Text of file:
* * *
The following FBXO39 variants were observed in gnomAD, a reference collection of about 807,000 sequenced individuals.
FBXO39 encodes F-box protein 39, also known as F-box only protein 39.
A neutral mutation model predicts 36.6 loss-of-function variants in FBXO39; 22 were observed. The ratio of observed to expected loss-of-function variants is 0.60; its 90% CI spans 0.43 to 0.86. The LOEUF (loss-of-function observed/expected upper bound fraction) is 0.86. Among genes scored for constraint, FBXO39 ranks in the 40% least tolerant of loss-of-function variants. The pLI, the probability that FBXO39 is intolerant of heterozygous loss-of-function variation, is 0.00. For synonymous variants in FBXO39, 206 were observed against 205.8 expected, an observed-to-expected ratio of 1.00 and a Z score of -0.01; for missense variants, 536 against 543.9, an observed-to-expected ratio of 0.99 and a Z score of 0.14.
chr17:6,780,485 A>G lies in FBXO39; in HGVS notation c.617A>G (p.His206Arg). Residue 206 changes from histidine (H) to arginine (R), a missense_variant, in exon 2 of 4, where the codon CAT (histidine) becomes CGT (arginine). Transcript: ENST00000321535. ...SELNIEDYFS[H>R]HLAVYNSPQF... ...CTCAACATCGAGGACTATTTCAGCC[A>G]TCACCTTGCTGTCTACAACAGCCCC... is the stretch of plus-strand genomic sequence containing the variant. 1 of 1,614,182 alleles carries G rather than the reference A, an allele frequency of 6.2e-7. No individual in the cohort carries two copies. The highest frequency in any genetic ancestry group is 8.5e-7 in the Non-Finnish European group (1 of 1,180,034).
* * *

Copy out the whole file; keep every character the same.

The following FBXO39 variants were observed in gnomAD, a reference collection of about 807,000 sequenced individuals.
FBXO39 encodes F-box protein 39, also known as F-box only protein 39.
A neutral mutation model predicts 36.6 loss-of-function variants in FBXO39; 22 were observed. The ratio of observed to expected loss-of-function variants is 0.60; its 90% CI spans 0.43 to 0.86. The LOEUF (loss-of-function observed/expected upper bound fraction) is 0.86. Among genes scored for constraint, FBXO39 ranks in the 40% least tolerant of loss-of-function variants. The pLI, the probability that FBXO39 is intolerant of heterozygous loss-of-function variation, is 0.00. For synonymous variants in FBXO39, 206 were observed against 205.8 expected, an observed-to-expected ratio of 1.00 and a Z score of -0.01; for missense variants, 536 against 543.9, an observed-to-expected ratio of 0.99 and a Z score of 0.14.
chr17:6,780,485 A>G lies in FBXO39; in HGVS notation c.617A>G (p.His206Arg). Residue 206 changes from histidine (H) to arginine (R), a missense_variant, in exon 2 of 4, where the codon CAT (histidine) becomes CGT (arginine). Transcript: ENST00000321535. ...SELNIEDYFS[H>R]HLAVYNSPQF... ...CTCAACATCGAGGACTATTTCAGCC[A>G]TCACCTTGCTGTCTACAACAGCCCC... is the stretch of plus-strand genomic sequence containing the variant. 1 of 1,614,182 alleles carries G rather than the reference A, an allele frequency of 6.2e-7. No individual in the cohort carries two copies. The highest frequency in any genetic ancestry group is 8.5e-7 in the Non-Finnish European group (1 of 1,180,034).